Smog-plagued New Delhi extends school closures – World ReadingS


NEW DELHI: Authorities in India’s smog-plagued capital New Delhi on Sunday extended the closure of emergency schools for another week, showing no signs of improvement in the megacity’s suffocating pollution levels.

New Delhi is shrouded in acrid smoke every autumn, which is primarily attributed to stubble burning by farmers in neighboring agricultural states.

The city is regularly ranked as one of the most polluted cities on the planet, with annual smog leading to hundreds of thousands of premature deaths each year.

“Primary schools in Delhi will remain closed until November 10 as pollution levels remain high,” Atishi, Delhi’s education minister, said on X, formerly known as Twitter.

Atishi, who used only one name after days of high pollution levels, added that secondary schools were “given the option to switch to online classes.”

India’s capital, with a population of 30 million, was once again named the world’s most polluted city on Sunday, according to tracking firm IQAir.

The state of Delhi imposes restrictions on construction activities every year and orders some vehicles off the roads when pollution reaches serious levels.

But critics say governments are deliberately ignoring the primary agricultural source of the public health crisis.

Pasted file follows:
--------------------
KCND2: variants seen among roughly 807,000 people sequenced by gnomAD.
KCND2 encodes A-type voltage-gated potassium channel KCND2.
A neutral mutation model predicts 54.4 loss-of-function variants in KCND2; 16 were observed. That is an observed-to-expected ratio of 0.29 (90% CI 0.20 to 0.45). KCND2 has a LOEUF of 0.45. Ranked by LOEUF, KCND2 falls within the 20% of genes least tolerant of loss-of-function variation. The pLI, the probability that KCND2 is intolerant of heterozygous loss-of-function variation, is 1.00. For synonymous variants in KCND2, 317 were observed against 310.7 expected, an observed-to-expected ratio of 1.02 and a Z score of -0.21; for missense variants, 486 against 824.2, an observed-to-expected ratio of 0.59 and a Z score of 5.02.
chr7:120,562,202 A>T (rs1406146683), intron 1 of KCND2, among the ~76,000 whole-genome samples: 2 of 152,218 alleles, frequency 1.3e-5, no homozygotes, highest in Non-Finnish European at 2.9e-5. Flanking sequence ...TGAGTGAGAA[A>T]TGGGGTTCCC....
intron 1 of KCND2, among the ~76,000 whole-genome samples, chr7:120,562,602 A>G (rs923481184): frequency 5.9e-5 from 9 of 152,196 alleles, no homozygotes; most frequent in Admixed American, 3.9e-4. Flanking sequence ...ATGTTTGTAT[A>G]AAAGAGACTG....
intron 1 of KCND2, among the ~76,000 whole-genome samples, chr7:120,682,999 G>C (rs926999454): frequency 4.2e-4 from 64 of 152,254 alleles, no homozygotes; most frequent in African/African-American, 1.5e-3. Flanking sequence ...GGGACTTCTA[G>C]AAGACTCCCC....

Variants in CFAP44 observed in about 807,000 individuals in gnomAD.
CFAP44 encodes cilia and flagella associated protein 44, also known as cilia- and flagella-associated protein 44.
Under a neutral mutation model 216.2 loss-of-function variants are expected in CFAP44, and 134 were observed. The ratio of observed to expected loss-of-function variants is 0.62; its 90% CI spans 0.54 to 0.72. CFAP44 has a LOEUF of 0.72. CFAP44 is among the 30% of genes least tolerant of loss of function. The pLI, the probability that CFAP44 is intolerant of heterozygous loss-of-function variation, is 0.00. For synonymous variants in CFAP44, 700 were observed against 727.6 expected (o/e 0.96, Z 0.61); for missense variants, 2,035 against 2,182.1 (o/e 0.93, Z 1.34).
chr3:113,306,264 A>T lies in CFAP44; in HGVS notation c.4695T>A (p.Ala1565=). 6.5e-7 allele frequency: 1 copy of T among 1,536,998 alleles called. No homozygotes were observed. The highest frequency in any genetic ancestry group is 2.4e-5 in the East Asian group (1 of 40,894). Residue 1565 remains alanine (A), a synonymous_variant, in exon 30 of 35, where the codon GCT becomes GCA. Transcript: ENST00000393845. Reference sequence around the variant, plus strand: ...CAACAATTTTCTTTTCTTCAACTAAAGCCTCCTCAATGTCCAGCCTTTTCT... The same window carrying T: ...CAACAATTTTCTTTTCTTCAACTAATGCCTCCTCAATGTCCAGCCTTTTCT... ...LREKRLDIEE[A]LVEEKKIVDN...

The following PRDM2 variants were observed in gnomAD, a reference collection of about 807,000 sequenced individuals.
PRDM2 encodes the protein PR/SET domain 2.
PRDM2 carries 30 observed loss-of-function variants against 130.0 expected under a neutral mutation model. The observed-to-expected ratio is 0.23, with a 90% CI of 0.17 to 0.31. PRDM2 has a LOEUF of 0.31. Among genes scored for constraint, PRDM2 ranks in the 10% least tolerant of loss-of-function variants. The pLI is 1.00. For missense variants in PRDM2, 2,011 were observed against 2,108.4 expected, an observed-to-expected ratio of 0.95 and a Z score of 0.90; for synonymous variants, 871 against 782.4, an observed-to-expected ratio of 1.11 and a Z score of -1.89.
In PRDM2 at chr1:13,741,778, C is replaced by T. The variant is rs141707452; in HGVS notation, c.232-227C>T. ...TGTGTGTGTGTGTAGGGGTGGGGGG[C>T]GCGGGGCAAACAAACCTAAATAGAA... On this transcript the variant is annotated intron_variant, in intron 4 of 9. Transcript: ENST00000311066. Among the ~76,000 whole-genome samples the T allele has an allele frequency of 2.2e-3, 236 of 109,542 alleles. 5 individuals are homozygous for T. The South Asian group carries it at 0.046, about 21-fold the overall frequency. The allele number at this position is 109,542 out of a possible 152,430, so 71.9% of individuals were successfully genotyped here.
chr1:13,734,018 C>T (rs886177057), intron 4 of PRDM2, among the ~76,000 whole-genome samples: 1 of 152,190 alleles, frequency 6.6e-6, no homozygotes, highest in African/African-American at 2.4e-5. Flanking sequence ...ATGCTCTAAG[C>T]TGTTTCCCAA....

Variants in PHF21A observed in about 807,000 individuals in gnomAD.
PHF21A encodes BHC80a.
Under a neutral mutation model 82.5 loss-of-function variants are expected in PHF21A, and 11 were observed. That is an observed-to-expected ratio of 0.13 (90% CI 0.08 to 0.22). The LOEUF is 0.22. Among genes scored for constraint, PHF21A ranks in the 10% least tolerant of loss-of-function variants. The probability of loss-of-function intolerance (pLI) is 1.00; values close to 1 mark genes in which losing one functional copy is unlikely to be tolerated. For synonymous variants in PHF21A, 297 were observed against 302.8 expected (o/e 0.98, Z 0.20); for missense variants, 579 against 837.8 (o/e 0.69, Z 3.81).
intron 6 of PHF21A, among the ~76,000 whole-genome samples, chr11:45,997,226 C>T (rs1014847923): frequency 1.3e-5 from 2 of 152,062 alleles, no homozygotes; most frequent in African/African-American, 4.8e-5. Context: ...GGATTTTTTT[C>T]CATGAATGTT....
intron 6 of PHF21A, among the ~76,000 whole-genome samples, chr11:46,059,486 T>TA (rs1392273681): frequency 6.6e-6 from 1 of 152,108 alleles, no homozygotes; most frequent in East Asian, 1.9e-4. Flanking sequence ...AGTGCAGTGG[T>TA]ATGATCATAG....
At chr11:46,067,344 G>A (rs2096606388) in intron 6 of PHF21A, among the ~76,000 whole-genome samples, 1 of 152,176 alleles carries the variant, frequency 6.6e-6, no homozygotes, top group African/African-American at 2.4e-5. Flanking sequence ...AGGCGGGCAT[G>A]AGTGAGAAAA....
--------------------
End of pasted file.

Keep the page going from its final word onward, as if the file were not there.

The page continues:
Air pollution became ‘severe’ in New Delhi, India, some schools closed

Farmers in neighboring states form a powerful electoral lobby, and elected leaders have long resisted calls to impose stiff fines and other criminal sanctions on them for their actions.

New Delhi will host a cricket World Cup match between Sri Lanka and Bangladesh on Monday.

However, both teams canceled their planned pre-match training in recent days due to health risks caused by air pollution.

Severe smoke levels are expected to continue for several more weeks.

According to IQAir, levels of the most dangerous PM2.5 particles, which are small enough to enter the bloodstream, reached 570 micrograms per cubic meter on Sunday; This is almost 40 times the daily maximum recommended by the World Health Organization.

A 2020 study by Lancet found that 1.67 million deaths in India in the previous year were attributed to air pollution, of which about 17,500 occurred in the capital.

The average city resident could die nearly 12 years earlier than expected due to air pollution, according to an August report from the University of Chicago’s Energy Policy Institute.

India is heavily reliant on polluting coal for power generation, resisting calls to phase it out, and per capita coal emissions have risen 29 percent in the past seven years.

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